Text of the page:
News & Events

Updates in MM From ASH 2023 for Health Care Professionals—Part 1

Several oral presentations at this year’s American Society of Hematology (ASH) Annual Meeting & Exposition highlighted encouraging outcomes in the treatment of smoldering multiple myeloma (SMM), newly diagnosed MM (NDMM), and relapsed/refractory MM (RRMM). Presentations included updated data on bispecific antibodies (bsAbs) and chimeric antigen receptor T (CAR T)–cell therapy, as well as several novel agents in development.

Advances in SMM

Teclistamab in High-Risk SMM

The use of the bsAb teclistamab in patients with high-risk SMM was evaluated as part of the Immuno-PRISM trial, which examined whether bsAb therapy provided greater benefit in SMM than RRMM patients due to SMM patients having a more intact immune system and lower disease burden. Patients (n=12) received teclistamab alone or lenalidomide and dexamethasone. Teclistamab was associated with grade ≥3 hematologic toxicities, including neutropenia in 4 patients and thrombocytopenia in 1. Grade ≥3 non-hematologic toxicities included an increase in alanine transaminase (ALT) in 3 patients and pancreatitis in 1. Infections of any grade occurred in 9 patients, with one grade 3 case of sinusitis in 1 patient. Cytokine release syndrome (CRS) occurred in 75% of patients, mostly grade 1. No patients experienced immune effector cell–associated neurotoxicity syndrome (ICANS) or delayed neurotoxicity. Overall response rate (ORR) was 100%, with 42% complete response (CR), 25% very good partial response (VGPR), and 33% partial response (PR).

Four patients with high-risk FISH receiving teclistamab achieved a CR within 5 cycles. These data were superior to those of a control arm of lenalidomide and dexamethasone (n=3), in which the ORR was 66% with no CRs so far. In patients treated with teclistamab, the minimal residual disease (MRD) negative rate at 10-6 was 100% with no progression on treatment.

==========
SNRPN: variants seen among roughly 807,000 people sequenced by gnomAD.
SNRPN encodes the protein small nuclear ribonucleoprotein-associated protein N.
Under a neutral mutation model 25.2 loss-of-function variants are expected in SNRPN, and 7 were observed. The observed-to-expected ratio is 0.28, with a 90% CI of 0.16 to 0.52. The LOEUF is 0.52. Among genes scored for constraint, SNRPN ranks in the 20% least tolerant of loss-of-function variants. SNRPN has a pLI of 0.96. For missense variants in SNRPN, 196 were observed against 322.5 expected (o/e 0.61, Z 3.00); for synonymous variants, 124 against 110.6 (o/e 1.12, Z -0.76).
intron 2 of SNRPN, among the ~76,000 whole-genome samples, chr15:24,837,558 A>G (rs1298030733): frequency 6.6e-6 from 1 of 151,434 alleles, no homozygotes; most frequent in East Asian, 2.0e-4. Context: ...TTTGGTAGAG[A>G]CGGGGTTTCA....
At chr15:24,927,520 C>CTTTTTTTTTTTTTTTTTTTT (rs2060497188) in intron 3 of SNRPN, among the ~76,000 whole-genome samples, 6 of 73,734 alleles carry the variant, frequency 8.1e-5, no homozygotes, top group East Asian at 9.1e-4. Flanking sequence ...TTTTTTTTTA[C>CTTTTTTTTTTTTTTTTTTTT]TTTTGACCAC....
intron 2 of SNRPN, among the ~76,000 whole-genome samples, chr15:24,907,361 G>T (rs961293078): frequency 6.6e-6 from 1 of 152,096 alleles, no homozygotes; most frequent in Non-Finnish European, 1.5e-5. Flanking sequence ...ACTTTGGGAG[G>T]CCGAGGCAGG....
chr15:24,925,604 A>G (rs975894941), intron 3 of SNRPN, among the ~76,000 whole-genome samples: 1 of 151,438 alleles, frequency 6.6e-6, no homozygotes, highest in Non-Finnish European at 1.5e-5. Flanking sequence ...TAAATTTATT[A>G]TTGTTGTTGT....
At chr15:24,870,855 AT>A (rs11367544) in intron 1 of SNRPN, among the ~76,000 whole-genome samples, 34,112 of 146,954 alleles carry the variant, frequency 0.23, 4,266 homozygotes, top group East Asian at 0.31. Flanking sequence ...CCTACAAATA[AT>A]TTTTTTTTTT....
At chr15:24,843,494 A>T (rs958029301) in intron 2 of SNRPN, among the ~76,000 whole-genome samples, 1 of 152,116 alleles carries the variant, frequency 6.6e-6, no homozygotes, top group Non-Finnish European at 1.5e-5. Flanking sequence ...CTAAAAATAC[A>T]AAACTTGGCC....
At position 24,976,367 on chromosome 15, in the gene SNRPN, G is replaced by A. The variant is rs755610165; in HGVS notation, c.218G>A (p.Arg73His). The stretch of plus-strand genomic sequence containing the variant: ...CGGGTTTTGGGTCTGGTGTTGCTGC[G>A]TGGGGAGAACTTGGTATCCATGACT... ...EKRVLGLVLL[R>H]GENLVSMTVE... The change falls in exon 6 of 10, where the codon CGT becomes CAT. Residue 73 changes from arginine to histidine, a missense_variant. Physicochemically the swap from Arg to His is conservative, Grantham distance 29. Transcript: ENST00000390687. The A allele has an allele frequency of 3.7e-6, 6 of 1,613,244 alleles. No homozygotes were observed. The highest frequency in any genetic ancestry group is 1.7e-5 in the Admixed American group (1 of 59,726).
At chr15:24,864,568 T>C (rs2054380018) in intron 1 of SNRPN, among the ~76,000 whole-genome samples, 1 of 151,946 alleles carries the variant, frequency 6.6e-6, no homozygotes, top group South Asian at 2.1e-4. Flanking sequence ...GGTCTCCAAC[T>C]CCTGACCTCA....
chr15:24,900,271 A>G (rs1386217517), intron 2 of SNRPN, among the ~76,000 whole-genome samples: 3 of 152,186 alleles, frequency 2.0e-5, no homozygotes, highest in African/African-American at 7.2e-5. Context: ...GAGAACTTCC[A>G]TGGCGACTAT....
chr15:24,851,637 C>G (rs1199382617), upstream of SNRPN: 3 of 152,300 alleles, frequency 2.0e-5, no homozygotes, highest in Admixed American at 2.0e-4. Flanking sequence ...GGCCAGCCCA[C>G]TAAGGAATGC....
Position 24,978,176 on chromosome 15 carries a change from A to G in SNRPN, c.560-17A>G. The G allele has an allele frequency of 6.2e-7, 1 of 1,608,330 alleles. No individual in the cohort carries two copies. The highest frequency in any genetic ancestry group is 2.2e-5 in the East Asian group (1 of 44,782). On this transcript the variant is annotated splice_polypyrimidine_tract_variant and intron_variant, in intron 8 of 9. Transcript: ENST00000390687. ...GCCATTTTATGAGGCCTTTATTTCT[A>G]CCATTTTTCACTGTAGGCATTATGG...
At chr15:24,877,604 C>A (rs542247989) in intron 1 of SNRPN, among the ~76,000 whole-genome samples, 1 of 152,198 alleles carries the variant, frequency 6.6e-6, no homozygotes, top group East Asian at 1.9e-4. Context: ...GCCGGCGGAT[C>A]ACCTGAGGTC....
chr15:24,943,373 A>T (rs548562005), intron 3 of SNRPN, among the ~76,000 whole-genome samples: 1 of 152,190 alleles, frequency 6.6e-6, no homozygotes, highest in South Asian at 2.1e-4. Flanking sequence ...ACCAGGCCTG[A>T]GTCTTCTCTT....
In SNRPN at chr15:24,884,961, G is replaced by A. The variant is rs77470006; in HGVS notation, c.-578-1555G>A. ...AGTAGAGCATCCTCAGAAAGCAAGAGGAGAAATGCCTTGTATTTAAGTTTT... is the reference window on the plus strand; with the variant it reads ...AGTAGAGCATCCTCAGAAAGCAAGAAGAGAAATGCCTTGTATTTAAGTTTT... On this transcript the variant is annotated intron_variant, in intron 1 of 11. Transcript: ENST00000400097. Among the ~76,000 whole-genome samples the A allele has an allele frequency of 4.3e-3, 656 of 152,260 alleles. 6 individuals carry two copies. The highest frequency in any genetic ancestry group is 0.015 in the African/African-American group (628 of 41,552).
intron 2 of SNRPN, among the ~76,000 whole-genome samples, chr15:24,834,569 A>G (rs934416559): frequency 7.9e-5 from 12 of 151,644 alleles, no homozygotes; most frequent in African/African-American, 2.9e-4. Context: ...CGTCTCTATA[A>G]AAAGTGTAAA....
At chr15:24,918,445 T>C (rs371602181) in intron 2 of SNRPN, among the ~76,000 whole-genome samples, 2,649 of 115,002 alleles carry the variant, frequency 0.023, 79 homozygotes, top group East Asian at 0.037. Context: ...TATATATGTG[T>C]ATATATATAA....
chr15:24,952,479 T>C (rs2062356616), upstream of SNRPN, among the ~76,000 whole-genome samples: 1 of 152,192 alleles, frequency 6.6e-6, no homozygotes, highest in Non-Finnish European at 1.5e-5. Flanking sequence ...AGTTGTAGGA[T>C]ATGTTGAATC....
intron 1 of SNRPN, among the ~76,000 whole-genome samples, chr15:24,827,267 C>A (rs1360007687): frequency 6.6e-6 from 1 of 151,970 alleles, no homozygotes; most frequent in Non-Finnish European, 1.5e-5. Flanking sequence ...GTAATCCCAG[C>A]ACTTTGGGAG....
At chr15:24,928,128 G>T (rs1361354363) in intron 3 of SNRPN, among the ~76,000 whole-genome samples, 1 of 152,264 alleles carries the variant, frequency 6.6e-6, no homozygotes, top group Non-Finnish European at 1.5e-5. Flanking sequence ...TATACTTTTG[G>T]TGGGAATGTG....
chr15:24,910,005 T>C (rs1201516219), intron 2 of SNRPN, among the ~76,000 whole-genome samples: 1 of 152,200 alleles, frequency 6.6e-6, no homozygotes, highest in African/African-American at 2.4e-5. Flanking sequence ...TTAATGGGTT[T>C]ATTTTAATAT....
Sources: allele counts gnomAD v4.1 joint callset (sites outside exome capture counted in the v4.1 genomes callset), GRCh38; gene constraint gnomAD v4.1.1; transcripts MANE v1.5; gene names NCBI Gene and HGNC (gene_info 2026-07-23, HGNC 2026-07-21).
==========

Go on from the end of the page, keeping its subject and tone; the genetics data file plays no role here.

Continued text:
Daratumumab Monotherapy: CENTAURUS Study

The final analysis of the phase 2 CENTAURUS study demonstrated long-term efficacy and safety for daratumumab monotherapy in patients with intermediate- or high-risk SMM. Conducted over a follow-up period extending to approximately 7 years, the study highlights the potential for daratumumab to delay the progression to MM in SMM patients who had been diagnosed for <5 years. Patients were randomized to receive daratumumab on one of three dosing schedules: intense (weekly in cycle 1, every 2 weeks in cycles 2 and 3, every 4 weeks in cycles 4–7, and every 8 weeks in cycles 8–20), intermediate (weekly in cycle 1 and every 8 weeks in cycles 2–20), and short (weekly 1 cycle only). A higher ORR and ≥CR rate was observed in the intense and intermediate arms, with a combined ≥CR rate of 8.5%. In addition, the 84-month overall survival (OS) rate was >80% across all dosing arms, with median OS not reached in any arm. Grade 3/4 treatment-emergent adverse events (TEAEs) were most frequent in the intense arm but were generally manageable across all groups. No new safety concerns arose from the extended follow-up.

Long-Term Efficacy of KRd-R Therapy in High-Risk SMM

A phase 2 study conducted by the National Institutes of Health highlights promising long-term results in patients with high-risk SMM (HR-SMM) treated with a combination of carfilzomib, lenalidomide, and dexamethasone followed by lenalidomide maintenance (KRd-R). The study aimed to investigate the durability of responses off therapy, following all patients completing lenalidomide maintenance. Patients with HR-SMM were enrolled based on specific risk criteria and underwent an induction phase with KRd-R followed by a 2-year lenalidomide maintenance phase.

At a median follow-up of >60 months:

The researchers concluded from these findings that “patients who achieve MRD-negative remissions after induction therapy have prolonged biochemical PFS,” although further follow-up is needed to fully understand the rates of PFS and OS.

Jointly provided by the MMRF and RedMedEd.

This educational activity is supported by educational grants from AbbVie Inc., Bristol Myers Squibb, and GSK and sponsorship from Genzyme Corporation and Legend Biotech USA Inc.